There is no credible methodology for knowledge management systems development (KMSD). We report on a KMSD approach that has emerged from an investigation based on action research and grounded theory into a number of business problems experienced by organizations. The KMSD approach is highly participatory, requiring full involvement of members of an organization. It has three interacting aspects: envisioning knowledge work behaviour, design of knowledge management system (KMS), and exploring technology options for supporting the KMS. In the first of these aspects, challenges and opportunities in an organization's current situation are analysed and an improved situation is envisioned to expose knowledge concepts and their properties. In the second, a logical design of a KMS is produced using knowledge entities, knowledge flows and knowledge interfaces; the design is guided and constrained by an organization's structure, culture, and resources. The third aspect is to do with introducing appropriate IT into KMS design, integrating organizational, social and technological aspects of the system. The paper describes this KMSD approach and how it emerged from both practical and theoretical investigation.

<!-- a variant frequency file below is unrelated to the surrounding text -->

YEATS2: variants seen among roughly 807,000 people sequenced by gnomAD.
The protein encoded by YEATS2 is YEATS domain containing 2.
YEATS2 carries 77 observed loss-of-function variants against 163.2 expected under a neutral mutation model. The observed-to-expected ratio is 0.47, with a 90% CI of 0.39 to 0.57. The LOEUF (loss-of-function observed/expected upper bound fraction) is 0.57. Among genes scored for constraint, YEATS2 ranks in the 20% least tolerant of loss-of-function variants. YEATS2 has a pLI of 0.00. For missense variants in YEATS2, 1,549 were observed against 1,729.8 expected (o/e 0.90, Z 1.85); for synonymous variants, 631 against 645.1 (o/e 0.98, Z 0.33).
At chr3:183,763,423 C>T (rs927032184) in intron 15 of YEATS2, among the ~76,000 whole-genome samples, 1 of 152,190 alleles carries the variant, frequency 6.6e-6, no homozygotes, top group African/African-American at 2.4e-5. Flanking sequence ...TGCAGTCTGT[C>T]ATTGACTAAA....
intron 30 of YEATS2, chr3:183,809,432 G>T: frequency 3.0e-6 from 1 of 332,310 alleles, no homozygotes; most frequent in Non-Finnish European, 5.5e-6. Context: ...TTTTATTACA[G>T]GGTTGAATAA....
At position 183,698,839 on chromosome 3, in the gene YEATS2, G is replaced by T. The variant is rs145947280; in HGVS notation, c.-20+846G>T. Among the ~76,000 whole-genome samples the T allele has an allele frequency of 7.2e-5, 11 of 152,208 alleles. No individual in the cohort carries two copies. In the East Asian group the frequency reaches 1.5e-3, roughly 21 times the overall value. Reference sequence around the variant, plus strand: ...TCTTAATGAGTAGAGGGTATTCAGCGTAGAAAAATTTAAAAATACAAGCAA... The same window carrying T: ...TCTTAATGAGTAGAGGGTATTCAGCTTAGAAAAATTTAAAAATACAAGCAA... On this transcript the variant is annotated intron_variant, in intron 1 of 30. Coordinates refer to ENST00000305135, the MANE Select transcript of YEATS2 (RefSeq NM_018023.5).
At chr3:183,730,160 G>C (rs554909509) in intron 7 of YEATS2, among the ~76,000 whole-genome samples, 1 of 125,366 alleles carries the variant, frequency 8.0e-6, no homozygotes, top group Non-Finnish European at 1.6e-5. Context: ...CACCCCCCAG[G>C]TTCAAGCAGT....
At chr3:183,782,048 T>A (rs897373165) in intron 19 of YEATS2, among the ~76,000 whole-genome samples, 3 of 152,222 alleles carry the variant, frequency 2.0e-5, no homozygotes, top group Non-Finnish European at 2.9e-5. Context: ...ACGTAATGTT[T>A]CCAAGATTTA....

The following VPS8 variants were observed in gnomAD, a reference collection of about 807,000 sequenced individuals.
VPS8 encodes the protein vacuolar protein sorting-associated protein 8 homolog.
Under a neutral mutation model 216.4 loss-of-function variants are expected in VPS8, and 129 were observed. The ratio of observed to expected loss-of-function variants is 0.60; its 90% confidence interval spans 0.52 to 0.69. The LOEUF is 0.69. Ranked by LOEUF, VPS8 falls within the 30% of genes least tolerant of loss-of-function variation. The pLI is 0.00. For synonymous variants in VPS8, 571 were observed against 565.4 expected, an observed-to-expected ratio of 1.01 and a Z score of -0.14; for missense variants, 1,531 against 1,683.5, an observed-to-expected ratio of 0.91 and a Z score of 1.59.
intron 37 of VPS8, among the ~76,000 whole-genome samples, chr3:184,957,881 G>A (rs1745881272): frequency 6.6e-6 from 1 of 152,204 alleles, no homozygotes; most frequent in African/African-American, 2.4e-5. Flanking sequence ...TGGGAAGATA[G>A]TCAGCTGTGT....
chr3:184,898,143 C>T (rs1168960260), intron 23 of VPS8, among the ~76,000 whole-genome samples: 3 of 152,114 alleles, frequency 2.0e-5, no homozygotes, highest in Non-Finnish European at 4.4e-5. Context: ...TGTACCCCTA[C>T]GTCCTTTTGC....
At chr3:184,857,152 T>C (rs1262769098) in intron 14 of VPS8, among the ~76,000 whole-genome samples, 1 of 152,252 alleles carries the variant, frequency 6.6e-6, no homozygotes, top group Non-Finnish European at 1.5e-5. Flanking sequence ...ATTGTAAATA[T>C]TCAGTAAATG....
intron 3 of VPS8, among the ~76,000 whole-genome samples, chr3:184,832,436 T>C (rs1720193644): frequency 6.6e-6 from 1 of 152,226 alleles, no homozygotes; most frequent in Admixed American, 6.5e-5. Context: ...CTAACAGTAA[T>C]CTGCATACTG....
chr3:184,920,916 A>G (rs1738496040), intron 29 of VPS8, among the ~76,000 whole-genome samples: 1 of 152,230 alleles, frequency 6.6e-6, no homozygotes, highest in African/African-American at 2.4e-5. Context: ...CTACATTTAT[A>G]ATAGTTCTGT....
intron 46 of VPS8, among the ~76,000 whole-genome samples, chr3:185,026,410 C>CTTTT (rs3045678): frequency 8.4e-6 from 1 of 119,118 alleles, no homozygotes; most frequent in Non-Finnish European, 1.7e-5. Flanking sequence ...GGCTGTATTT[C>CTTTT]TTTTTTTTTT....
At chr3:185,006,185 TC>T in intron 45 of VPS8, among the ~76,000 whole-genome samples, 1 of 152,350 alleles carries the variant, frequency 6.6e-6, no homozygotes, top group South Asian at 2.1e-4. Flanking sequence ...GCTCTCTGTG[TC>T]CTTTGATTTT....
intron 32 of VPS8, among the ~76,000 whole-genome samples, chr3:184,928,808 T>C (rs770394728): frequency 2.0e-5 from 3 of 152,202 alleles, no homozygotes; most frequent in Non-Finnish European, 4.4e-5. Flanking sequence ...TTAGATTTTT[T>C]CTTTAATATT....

Keywords: knowledge management, knowledge management systems, knowledge management systems development, social network technologies, organizational improvement, action research, grounded theory, small and medium enterprises, SMEs

 

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Journal Article

The Knowledge‑Based Foundations of Organisational Performance Improvements: An Action Research Approach  pp333-344

Giovanni Schiuma, Daniela Carlucci

© Nov 2010 Volume 8 Issue 3, Editor: David O'Donnell, pp267 - 344

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Abstract